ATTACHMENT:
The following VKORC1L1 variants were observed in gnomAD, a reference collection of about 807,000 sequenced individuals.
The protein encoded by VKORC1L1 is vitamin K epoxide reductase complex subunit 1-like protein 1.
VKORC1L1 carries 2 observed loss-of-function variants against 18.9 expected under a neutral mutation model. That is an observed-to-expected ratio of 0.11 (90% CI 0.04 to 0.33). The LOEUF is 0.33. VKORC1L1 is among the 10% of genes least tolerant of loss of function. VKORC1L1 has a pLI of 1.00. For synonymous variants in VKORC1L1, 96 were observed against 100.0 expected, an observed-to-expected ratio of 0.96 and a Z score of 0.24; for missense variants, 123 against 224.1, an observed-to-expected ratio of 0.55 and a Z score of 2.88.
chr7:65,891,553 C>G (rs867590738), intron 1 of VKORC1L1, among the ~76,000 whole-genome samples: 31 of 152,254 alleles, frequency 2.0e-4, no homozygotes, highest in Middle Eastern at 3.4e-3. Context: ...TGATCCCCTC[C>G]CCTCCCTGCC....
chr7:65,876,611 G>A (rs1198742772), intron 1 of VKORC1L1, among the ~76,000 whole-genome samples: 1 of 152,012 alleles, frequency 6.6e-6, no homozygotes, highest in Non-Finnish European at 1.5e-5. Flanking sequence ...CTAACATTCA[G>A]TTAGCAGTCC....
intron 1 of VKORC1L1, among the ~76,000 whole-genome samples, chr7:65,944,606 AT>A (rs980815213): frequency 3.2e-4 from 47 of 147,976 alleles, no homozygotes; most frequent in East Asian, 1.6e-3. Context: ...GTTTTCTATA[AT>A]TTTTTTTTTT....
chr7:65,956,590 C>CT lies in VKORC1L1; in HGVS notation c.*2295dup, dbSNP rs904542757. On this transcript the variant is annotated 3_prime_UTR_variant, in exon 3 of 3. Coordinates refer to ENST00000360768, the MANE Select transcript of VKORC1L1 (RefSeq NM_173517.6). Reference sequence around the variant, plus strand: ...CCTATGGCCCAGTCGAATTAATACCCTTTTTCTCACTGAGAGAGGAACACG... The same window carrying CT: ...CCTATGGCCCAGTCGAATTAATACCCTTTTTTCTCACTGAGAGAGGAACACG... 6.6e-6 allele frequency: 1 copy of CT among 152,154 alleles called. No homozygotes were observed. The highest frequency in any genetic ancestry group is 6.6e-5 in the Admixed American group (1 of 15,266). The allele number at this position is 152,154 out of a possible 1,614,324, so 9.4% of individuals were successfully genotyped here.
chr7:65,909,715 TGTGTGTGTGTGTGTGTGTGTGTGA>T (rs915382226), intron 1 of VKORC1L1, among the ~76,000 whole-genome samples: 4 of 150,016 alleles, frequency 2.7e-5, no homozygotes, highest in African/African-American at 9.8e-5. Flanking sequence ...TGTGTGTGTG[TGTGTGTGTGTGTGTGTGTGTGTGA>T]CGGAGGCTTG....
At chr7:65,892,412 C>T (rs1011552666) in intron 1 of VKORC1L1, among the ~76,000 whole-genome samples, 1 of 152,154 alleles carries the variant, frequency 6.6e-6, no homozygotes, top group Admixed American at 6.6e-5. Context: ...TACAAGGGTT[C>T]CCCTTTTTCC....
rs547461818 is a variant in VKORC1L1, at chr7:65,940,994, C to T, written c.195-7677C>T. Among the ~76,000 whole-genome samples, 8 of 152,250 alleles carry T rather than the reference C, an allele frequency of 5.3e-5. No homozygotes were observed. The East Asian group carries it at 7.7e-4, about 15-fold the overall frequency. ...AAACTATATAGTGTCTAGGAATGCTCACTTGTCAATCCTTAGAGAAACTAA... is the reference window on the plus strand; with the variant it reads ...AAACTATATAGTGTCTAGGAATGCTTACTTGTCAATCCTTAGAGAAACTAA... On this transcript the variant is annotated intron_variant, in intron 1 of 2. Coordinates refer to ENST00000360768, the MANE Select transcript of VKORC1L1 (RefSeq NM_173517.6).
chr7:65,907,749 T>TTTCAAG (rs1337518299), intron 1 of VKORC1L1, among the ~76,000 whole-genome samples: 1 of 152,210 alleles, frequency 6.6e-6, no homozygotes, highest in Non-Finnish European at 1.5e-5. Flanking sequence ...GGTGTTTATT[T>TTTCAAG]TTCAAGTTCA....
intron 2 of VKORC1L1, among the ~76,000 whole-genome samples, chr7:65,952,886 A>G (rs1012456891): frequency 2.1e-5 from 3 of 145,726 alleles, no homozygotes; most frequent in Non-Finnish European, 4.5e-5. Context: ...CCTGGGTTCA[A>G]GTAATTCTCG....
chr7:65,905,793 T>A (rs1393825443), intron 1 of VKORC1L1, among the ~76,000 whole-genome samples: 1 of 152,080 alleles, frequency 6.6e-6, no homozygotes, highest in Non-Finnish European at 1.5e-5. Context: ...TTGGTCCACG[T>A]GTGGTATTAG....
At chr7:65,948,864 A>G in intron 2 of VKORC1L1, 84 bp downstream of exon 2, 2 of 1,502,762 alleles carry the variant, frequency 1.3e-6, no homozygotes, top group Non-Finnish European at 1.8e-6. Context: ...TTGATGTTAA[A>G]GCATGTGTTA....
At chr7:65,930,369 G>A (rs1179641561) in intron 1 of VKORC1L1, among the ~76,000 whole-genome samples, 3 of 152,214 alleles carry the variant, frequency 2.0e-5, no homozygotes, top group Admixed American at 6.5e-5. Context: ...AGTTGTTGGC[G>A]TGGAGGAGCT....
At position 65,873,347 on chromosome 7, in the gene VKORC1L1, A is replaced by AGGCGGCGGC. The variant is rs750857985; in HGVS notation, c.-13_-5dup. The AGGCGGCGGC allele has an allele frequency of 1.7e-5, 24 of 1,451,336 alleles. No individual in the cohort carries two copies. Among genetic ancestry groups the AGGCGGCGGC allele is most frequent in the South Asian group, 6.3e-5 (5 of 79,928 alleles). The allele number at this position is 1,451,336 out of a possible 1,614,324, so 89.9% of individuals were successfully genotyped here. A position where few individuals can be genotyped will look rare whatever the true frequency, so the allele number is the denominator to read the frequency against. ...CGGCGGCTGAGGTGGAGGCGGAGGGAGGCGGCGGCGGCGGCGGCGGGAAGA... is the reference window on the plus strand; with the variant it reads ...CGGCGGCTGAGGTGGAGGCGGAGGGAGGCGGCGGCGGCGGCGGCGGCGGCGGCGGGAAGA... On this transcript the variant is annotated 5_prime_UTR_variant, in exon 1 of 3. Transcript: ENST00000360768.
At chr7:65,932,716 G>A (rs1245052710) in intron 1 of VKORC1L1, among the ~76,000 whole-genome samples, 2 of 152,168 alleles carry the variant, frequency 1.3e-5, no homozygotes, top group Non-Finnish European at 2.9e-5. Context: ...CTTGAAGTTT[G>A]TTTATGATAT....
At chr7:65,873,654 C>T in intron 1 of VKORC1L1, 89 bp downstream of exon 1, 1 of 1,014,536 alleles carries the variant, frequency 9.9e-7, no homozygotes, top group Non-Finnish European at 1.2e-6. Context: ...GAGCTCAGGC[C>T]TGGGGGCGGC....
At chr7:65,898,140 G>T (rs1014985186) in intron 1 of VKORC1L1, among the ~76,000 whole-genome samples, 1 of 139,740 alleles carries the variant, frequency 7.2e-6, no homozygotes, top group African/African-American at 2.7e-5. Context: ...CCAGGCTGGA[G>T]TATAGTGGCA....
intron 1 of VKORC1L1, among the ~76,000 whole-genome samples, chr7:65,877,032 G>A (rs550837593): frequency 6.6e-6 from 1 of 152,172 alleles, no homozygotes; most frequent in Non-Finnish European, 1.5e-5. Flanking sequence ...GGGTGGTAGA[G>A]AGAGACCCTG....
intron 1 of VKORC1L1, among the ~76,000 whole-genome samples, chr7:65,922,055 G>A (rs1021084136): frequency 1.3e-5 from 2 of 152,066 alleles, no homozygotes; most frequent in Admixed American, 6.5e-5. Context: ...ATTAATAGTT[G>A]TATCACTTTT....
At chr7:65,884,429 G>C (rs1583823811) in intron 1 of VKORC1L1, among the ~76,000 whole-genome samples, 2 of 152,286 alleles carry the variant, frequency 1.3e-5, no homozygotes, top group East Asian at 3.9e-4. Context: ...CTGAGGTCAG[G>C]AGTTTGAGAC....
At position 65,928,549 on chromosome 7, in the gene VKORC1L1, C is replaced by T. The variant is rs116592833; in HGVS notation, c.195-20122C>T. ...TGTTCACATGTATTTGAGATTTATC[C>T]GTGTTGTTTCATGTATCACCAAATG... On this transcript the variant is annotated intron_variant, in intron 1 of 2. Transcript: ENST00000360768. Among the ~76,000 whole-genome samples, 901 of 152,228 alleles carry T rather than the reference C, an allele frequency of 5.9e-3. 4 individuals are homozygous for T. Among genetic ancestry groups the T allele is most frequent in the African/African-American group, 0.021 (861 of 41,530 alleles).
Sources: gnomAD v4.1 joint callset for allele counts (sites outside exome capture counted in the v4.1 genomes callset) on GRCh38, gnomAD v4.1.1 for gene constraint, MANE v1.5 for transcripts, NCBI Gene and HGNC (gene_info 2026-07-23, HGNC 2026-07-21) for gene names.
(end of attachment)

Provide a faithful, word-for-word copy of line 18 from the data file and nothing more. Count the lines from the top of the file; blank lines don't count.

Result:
At chr7:65,873,654 C>T in intron 1 of VKORC1L1, 89 bp downstream of exon 1, 1 of 1,014,536 alleles carries the variant, frequency 9.9e-7, no homozygotes, top group Non-Finnish European at 1.2e-6. Context: ...GAGCTCAGGC[C>T]TGGGGGCGGC....